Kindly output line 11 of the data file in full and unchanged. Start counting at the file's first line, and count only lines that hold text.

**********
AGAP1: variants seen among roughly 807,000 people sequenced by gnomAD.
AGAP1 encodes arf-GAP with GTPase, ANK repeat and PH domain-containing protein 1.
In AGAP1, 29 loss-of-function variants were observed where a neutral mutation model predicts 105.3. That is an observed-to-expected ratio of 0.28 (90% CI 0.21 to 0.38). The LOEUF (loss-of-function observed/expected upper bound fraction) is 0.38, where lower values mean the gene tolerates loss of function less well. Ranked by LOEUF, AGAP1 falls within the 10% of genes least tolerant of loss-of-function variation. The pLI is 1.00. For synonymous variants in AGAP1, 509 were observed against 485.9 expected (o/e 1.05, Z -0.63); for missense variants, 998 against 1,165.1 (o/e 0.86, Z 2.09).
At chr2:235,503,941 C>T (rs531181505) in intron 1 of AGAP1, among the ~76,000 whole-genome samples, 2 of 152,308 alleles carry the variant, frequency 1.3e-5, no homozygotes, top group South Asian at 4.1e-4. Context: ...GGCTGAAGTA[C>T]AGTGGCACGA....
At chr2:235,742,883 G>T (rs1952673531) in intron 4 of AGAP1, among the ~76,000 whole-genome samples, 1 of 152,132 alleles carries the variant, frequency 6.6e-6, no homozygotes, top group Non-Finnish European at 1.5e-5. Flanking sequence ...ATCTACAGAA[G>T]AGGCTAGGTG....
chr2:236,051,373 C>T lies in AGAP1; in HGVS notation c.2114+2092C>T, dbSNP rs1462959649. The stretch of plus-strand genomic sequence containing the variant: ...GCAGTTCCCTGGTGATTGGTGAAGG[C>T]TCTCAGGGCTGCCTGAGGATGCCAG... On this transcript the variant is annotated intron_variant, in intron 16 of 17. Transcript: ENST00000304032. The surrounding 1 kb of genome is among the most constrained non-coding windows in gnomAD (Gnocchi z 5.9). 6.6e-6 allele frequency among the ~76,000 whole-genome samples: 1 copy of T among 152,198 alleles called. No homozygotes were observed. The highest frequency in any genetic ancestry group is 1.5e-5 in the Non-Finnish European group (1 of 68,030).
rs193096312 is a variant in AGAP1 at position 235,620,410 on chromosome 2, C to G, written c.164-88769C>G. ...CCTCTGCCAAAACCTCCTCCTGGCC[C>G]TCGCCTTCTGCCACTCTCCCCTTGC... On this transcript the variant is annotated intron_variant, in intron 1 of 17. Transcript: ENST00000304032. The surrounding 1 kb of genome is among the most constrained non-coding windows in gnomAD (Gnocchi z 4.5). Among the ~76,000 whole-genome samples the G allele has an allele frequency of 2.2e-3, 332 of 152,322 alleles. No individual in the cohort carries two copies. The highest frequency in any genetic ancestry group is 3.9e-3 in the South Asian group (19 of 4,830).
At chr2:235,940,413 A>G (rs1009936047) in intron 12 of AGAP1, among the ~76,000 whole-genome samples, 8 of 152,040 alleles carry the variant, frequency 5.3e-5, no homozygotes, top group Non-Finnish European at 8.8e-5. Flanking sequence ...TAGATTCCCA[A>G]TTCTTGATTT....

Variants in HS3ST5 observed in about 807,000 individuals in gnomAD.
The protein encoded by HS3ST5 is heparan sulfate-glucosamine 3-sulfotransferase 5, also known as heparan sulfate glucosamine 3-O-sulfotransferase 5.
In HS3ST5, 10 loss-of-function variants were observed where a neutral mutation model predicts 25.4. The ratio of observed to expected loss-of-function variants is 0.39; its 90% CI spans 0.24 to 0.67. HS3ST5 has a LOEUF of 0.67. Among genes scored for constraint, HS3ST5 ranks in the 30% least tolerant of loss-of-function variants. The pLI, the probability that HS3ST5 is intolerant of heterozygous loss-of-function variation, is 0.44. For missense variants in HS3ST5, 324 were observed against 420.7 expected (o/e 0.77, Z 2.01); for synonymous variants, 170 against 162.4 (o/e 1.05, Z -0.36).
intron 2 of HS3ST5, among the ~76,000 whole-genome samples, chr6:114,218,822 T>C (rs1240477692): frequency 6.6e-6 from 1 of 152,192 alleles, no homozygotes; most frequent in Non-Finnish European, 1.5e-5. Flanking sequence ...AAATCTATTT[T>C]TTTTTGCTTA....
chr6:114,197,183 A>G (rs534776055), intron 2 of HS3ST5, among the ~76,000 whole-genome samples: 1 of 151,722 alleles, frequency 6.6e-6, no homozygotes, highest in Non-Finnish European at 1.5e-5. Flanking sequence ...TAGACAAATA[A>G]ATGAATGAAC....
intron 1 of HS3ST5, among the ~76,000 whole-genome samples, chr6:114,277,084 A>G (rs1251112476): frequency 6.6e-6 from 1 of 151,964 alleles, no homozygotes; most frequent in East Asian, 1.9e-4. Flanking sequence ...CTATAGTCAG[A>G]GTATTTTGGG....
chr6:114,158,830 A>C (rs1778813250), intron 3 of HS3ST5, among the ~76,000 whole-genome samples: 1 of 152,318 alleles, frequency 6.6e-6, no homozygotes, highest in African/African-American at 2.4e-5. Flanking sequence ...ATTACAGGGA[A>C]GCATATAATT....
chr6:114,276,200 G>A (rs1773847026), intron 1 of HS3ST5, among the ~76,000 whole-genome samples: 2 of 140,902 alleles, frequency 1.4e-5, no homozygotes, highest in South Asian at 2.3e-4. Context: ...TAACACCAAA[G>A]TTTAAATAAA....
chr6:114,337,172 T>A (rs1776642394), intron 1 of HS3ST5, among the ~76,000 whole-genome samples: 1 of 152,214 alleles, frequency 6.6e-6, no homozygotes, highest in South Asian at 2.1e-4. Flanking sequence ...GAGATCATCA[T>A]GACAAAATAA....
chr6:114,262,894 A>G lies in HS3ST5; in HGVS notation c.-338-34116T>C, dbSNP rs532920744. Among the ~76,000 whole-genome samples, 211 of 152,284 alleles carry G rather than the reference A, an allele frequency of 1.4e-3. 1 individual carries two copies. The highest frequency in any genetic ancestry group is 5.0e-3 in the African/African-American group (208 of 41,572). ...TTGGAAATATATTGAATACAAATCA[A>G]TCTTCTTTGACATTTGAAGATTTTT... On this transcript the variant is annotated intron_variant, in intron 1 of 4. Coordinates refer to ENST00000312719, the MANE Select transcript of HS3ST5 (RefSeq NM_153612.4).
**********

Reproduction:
In HS3ST5, 10 loss-of-function variants were observed where a neutral mutation model predicts 25.4. The ratio of observed to expected loss-of-function variants is 0.39; its 90% CI spans 0.24 to 0.67. HS3ST5 has a LOEUF of 0.67. Among genes scored for constraint, HS3ST5 ranks in the 30% least tolerant of loss-of-function variants. The pLI, the probability that HS3ST5 is intolerant of heterozygous loss-of-function variation, is 0.44. For missense variants in HS3ST5, 324 were observed against 420.7 expected (o/e 0.77, Z 2.01); for synonymous variants, 170 against 162.4 (o/e 1.05, Z -0.36).